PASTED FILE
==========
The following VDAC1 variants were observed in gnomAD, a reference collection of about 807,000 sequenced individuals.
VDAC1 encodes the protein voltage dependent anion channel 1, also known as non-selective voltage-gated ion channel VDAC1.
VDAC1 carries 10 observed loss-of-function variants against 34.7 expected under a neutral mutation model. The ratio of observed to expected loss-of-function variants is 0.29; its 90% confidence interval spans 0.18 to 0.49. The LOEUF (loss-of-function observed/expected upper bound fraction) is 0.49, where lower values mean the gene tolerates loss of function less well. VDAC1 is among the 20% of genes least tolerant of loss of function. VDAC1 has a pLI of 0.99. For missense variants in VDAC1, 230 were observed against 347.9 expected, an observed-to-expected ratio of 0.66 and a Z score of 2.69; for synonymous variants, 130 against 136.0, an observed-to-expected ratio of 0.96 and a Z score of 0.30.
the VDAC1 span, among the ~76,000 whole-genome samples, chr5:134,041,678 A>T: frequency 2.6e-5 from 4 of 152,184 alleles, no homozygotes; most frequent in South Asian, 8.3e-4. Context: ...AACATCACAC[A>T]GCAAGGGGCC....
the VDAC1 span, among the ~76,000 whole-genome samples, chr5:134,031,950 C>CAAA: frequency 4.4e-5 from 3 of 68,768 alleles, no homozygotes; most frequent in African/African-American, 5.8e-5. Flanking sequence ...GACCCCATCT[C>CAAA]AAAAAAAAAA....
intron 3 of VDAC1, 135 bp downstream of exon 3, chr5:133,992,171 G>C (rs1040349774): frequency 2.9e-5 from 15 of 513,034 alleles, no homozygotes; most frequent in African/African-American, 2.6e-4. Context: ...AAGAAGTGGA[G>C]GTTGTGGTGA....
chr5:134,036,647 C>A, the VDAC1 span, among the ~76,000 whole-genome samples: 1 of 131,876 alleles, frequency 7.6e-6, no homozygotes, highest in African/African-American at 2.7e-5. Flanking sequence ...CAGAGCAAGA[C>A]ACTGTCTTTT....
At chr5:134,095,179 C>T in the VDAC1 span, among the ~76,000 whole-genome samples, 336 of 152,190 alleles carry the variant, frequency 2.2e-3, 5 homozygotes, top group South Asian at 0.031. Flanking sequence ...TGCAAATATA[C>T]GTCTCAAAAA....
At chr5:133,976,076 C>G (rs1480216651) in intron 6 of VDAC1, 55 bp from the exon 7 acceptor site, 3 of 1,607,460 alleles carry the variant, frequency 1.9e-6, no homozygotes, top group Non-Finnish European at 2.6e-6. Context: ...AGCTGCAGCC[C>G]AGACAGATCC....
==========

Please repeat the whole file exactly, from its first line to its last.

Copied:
The following VDAC1 variants were observed in gnomAD, a reference collection of about 807,000 sequenced individuals.
VDAC1 encodes the protein voltage dependent anion channel 1, also known as non-selective voltage-gated ion channel VDAC1.
VDAC1 carries 10 observed loss-of-function variants against 34.7 expected under a neutral mutation model. The ratio of observed to expected loss-of-function variants is 0.29; its 90% confidence interval spans 0.18 to 0.49. The LOEUF (loss-of-function observed/expected upper bound fraction) is 0.49, where lower values mean the gene tolerates loss of function less well. VDAC1 is among the 20% of genes least tolerant of loss of function. VDAC1 has a pLI of 0.99. For missense variants in VDAC1, 230 were observed against 347.9 expected, an observed-to-expected ratio of 0.66 and a Z score of 2.69; for synonymous variants, 130 against 136.0, an observed-to-expected ratio of 0.96 and a Z score of 0.30.
the VDAC1 span, among the ~76,000 whole-genome samples, chr5:134,041,678 A>T: frequency 2.6e-5 from 4 of 152,184 alleles, no homozygotes; most frequent in South Asian, 8.3e-4. Context: ...AACATCACAC[A>T]GCAAGGGGCC....
the VDAC1 span, among the ~76,000 whole-genome samples, chr5:134,031,950 C>CAAA: frequency 4.4e-5 from 3 of 68,768 alleles, no homozygotes; most frequent in African/African-American, 5.8e-5. Flanking sequence ...GACCCCATCT[C>CAAA]AAAAAAAAAA....
intron 3 of VDAC1, 135 bp downstream of exon 3, chr5:133,992,171 G>C (rs1040349774): frequency 2.9e-5 from 15 of 513,034 alleles, no homozygotes; most frequent in African/African-American, 2.6e-4. Context: ...AAGAAGTGGA[G>C]GTTGTGGTGA....
chr5:134,036,647 C>A, the VDAC1 span, among the ~76,000 whole-genome samples: 1 of 131,876 alleles, frequency 7.6e-6, no homozygotes, highest in African/African-American at 2.7e-5. Flanking sequence ...CAGAGCAAGA[C>A]ACTGTCTTTT....
At chr5:134,095,179 C>T in the VDAC1 span, among the ~76,000 whole-genome samples, 336 of 152,190 alleles carry the variant, frequency 2.2e-3, 5 homozygotes, top group South Asian at 0.031. Flanking sequence ...TGCAAATATA[C>T]GTCTCAAAAA....
At chr5:133,976,076 C>G (rs1480216651) in intron 6 of VDAC1, 55 bp from the exon 7 acceptor site, 3 of 1,607,460 alleles carry the variant, frequency 1.9e-6, no homozygotes, top group Non-Finnish European at 2.6e-6. Context: ...AGCTGCAGCC[C>G]AGACAGATCC....